So whose Jerusalem is it anyway?

July 03, 1996|By Si Frumkin

STUDIO CITY, Calif. -- When I was a kid growing up in Lithuania in the 1930s, most people there believed that all children born in America had their appendixes removed at birth. This was one of those things that ''everyone knew'' for it showed how advanced American medicine was.

In the former Soviet Union today many people are convinced that Israel has found a cure for cancer, but that it isn't willing to share it with other countries. This too is something that ''everyone knows.''

Myths have lives of their own, especially when so-called experts propagate them. A prime example is a contemporary myth that is presented as fact by our news media. It is unclear who first fabricated it, but by now it has become another case of ''everyone knows.'' It is the myth that Jerusalem is sacred to Islam and that it always was an important Arab population center.

Jerusalem is indeed central to Judaism and to Christianity. For Jews it is the site of the ancient Temple, the dwelling place of Kings and Judges, the object of the prayer that pledges. ''If I forget thee, O Jerusalem, let my right hand wither and die!'' To Christians it is the place where Jesus Christ was crucified, where the Christian church was established and where Christ is to return.

Muslims have no such ties to Jerusalem. Their holy places are Mecca and Medina -- both in Saudi Arabia -- and there is no mention of Jerusalem anywhere in the Koran. No Islamic historical or religious event ever took place in Jerusalem.

Legend of al-Aqsa

There is a legend that Mohammed journeyed on his magical horse from Mecca to a place called al-Aqsa, but Muslim #i theologians, at different times, located al-Aqsa in many different places, including heaven. Jerusalem was mentioned as the site of al-Aqsa much later, when internal Arab politics mandated the creation of a counterweight to Mecca and Medina. The Koranic verses on the walls of the Dome of the Rock mosque in Jerusalem do not include Sura (verse) 17: 1 that tells the al-Aqsa legend.

Yakkut, a medieval Arab geographer, said that ''Mecca is sacred to the Muslims, and Jerusalem to the Christians and Jews.''' During the centuries of Muslim rule it was the small town of Ramle, not Jerusalem, that served as the administrative capital, while Damascus, Cairo and Fas were the religious centers in the region. Jerusalem was of no political, commercial or religious importance for any of the Muslim rulers.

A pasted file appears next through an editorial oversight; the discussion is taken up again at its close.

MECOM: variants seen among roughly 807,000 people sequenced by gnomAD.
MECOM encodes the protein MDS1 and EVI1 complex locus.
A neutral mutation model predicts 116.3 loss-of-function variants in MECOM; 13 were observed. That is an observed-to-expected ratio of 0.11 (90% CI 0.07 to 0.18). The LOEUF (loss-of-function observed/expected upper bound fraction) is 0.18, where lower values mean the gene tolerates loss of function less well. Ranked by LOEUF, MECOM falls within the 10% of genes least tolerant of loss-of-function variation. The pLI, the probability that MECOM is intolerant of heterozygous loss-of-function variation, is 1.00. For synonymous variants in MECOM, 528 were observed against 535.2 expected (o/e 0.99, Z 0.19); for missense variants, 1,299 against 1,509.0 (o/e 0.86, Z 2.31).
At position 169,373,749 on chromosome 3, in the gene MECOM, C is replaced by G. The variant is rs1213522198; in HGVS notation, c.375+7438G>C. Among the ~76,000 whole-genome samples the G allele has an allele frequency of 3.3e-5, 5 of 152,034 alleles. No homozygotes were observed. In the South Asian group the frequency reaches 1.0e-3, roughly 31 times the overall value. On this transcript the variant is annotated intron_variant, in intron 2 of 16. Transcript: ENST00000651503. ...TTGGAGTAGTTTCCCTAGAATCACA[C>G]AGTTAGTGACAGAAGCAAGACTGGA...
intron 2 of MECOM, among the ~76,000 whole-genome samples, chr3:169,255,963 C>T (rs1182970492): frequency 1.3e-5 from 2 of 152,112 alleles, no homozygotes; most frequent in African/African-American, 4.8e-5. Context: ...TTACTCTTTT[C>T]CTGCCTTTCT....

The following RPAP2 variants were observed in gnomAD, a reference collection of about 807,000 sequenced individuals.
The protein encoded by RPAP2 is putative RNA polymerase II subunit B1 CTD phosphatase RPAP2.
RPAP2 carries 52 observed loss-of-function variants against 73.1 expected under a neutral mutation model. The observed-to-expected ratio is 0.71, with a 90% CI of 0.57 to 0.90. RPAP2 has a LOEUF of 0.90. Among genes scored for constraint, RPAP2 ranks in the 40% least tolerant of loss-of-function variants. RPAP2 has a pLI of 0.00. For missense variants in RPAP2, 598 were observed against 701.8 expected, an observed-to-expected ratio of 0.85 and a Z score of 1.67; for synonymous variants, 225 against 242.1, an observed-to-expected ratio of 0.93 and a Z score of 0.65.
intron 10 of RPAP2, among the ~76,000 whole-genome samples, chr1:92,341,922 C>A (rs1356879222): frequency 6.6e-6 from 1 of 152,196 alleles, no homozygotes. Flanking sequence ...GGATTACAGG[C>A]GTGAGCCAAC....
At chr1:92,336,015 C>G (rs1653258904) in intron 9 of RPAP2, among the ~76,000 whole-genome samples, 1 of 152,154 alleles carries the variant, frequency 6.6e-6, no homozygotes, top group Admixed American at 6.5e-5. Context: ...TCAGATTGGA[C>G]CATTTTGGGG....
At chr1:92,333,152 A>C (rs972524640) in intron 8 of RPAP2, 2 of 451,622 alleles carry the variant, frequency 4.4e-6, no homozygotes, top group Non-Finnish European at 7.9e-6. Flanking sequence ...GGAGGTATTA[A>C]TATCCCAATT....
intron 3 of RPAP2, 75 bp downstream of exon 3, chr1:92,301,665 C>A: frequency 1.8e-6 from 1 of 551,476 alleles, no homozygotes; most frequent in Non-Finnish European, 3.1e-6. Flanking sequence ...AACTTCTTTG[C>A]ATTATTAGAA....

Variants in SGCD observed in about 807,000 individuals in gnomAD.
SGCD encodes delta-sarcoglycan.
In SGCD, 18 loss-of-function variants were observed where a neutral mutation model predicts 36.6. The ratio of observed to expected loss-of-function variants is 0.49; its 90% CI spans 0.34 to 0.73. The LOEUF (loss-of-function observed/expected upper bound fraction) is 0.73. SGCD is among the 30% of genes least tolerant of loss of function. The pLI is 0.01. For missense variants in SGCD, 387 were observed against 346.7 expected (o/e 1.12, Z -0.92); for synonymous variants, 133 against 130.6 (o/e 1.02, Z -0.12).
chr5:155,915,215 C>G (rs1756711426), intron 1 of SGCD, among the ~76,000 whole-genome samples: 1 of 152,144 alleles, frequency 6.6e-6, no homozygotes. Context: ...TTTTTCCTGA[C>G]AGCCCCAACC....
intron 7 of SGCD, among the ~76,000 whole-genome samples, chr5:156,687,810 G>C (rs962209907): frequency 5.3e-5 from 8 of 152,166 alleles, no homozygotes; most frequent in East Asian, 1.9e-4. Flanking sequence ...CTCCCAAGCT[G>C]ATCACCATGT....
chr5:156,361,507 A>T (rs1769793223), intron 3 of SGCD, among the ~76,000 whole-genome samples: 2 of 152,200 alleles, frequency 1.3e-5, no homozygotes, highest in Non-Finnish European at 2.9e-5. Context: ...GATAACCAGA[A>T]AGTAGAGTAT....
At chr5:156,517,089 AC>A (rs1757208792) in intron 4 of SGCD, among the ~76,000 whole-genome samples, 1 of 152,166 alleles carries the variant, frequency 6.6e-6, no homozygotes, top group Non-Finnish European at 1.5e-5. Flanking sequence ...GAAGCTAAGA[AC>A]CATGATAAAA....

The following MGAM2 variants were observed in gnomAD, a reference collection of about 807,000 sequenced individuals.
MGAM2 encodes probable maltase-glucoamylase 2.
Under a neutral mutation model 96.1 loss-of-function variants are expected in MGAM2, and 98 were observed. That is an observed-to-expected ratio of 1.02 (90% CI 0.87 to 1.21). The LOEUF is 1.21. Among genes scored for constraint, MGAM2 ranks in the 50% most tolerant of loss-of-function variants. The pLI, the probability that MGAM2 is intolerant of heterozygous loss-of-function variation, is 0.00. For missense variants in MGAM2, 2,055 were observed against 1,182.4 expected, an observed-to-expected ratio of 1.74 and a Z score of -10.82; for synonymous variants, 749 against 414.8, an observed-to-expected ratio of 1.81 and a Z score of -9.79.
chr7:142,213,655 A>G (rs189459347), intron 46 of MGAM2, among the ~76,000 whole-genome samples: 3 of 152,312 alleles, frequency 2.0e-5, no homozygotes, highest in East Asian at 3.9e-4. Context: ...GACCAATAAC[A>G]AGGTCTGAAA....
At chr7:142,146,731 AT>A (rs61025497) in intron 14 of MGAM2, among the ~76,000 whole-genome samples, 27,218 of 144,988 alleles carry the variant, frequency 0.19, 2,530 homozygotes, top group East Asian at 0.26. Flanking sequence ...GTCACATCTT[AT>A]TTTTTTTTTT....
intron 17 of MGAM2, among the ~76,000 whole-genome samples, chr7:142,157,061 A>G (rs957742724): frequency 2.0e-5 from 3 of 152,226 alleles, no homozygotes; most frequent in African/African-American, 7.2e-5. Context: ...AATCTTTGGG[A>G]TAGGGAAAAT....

Jerusalem's insignificance for Muslims was underscored between 1948 and 1967, under Jordanian rule. There was no attempt to make Jerusalem the capital of Jordan, nor did any of the Arab kings and rulers make pilgrimage to Jerusalem during that time.

The contrast of Jewish attitude toward Jerusalem couldn't be more dramatic. Jews did more than long for and dream about the Holy City -- they settled there. For the last 2,000 years, except for brief periods of destruction and exile, the majority of Jerusalem's inhabitants were Jews.

After the 70 C.E. revolt, and again in 130, Jews were expelled from the city by the Romans, but they settled outside, near the city walls. In 362 they were allowed once again to live in the city and their community grew in numbers and importance.

The community was devastated in 1100 and again in the 13th century, but more Jews settled there afterward, purchasing land that included most of the Mount of Olives. They were the largest segment of the population, with Christians running a close second and the Muslims not even in contention.

In the 1840s, 5,000 Jews lived there. This grew to 11,000 by 1870 -- an absolute majority. My 1903 Encyclopedia Britannica counts 20,600 Jews, 9,800 Christians and just 1,600 Muslims. By 1914 there were 45,000 Jews in Jerusalem -- about two-thirds of the population, and in 1946, 65 percent or 99,320 Jerusalemites were Jews.

And so, I wish we could lay to rest the myth that Jerusalem is and always was important to the Muslims, and that the Jews are recent Johnny-come-lately occupiers of an Arab city. I wish that I could, but alas, myths have no regard for facts or truth. The myth of an Arab Jerusalem will continue to be peddled by the media, parroted by ignoramuses, and adopted by peace-at-any-price Jewish defeatists. But in spite of them all Jerusalem was, is and will ever be a Jewish city in a Jewish land.

Si Frumkin is a writer and lecturer.

Pub Date: 7/03/96

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